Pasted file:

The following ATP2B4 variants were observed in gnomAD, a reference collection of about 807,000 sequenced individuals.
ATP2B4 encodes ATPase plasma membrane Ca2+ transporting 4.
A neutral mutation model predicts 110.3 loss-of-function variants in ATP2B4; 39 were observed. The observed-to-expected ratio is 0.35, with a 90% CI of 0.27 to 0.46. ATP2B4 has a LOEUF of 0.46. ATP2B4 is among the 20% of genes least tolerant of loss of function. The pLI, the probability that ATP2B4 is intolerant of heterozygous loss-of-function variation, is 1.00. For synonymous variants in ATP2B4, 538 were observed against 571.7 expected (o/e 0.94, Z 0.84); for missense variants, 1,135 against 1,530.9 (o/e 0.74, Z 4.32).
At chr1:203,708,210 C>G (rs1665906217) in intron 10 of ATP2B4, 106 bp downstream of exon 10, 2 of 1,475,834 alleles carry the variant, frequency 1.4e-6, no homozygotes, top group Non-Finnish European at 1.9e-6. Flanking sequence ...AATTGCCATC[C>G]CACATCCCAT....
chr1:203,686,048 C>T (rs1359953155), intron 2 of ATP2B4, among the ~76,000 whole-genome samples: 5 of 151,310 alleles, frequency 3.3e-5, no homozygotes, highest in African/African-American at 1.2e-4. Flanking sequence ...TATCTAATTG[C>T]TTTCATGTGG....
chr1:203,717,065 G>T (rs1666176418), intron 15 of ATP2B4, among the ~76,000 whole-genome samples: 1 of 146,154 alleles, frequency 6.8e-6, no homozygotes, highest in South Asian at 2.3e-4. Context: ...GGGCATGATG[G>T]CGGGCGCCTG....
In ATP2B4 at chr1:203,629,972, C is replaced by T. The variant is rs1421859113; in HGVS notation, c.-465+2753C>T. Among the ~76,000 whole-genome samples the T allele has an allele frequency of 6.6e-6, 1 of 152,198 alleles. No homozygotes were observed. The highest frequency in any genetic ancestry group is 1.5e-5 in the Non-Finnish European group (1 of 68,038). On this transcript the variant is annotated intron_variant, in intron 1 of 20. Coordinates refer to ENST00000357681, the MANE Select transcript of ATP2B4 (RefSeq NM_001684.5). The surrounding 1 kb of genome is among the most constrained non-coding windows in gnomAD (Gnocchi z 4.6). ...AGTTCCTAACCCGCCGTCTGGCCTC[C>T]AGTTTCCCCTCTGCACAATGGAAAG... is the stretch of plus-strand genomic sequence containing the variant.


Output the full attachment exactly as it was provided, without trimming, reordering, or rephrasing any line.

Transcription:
The following ATP2B4 variants were observed in gnomAD, a reference collection of about 807,000 sequenced individuals.
ATP2B4 encodes ATPase plasma membrane Ca2+ transporting 4.
A neutral mutation model predicts 110.3 loss-of-function variants in ATP2B4; 39 were observed. The observed-to-expected ratio is 0.35, with a 90% CI of 0.27 to 0.46. ATP2B4 has a LOEUF of 0.46. ATP2B4 is among the 20% of genes least tolerant of loss of function. The pLI, the probability that ATP2B4 is intolerant of heterozygous loss-of-function variation, is 1.00. For synonymous variants in ATP2B4, 538 were observed against 571.7 expected (o/e 0.94, Z 0.84); for missense variants, 1,135 against 1,530.9 (o/e 0.74, Z 4.32).
At chr1:203,708,210 C>G (rs1665906217) in intron 10 of ATP2B4, 106 bp downstream of exon 10, 2 of 1,475,834 alleles carry the variant, frequency 1.4e-6, no homozygotes, top group Non-Finnish European at 1.9e-6. Flanking sequence ...AATTGCCATC[C>G]CACATCCCAT....
chr1:203,686,048 C>T (rs1359953155), intron 2 of ATP2B4, among the ~76,000 whole-genome samples: 5 of 151,310 alleles, frequency 3.3e-5, no homozygotes, highest in African/African-American at 1.2e-4. Flanking sequence ...TATCTAATTG[C>T]TTTCATGTGG....
chr1:203,717,065 G>T (rs1666176418), intron 15 of ATP2B4, among the ~76,000 whole-genome samples: 1 of 146,154 alleles, frequency 6.8e-6, no homozygotes, highest in South Asian at 2.3e-4. Context: ...GGGCATGATG[G>T]CGGGCGCCTG....
In ATP2B4 at chr1:203,629,972, C is replaced by T. The variant is rs1421859113; in HGVS notation, c.-465+2753C>T. Among the ~76,000 whole-genome samples the T allele has an allele frequency of 6.6e-6, 1 of 152,198 alleles. No homozygotes were observed. The highest frequency in any genetic ancestry group is 1.5e-5 in the Non-Finnish European group (1 of 68,038). On this transcript the variant is annotated intron_variant, in intron 1 of 20. Coordinates refer to ENST00000357681, the MANE Select transcript of ATP2B4 (RefSeq NM_001684.5). The surrounding 1 kb of genome is among the most constrained non-coding windows in gnomAD (Gnocchi z 4.6). ...AGTTCCTAACCCGCCGTCTGGCCTC[C>T]AGTTTCCCCTCTGCACAATGGAAAG... is the stretch of plus-strand genomic sequence containing the variant.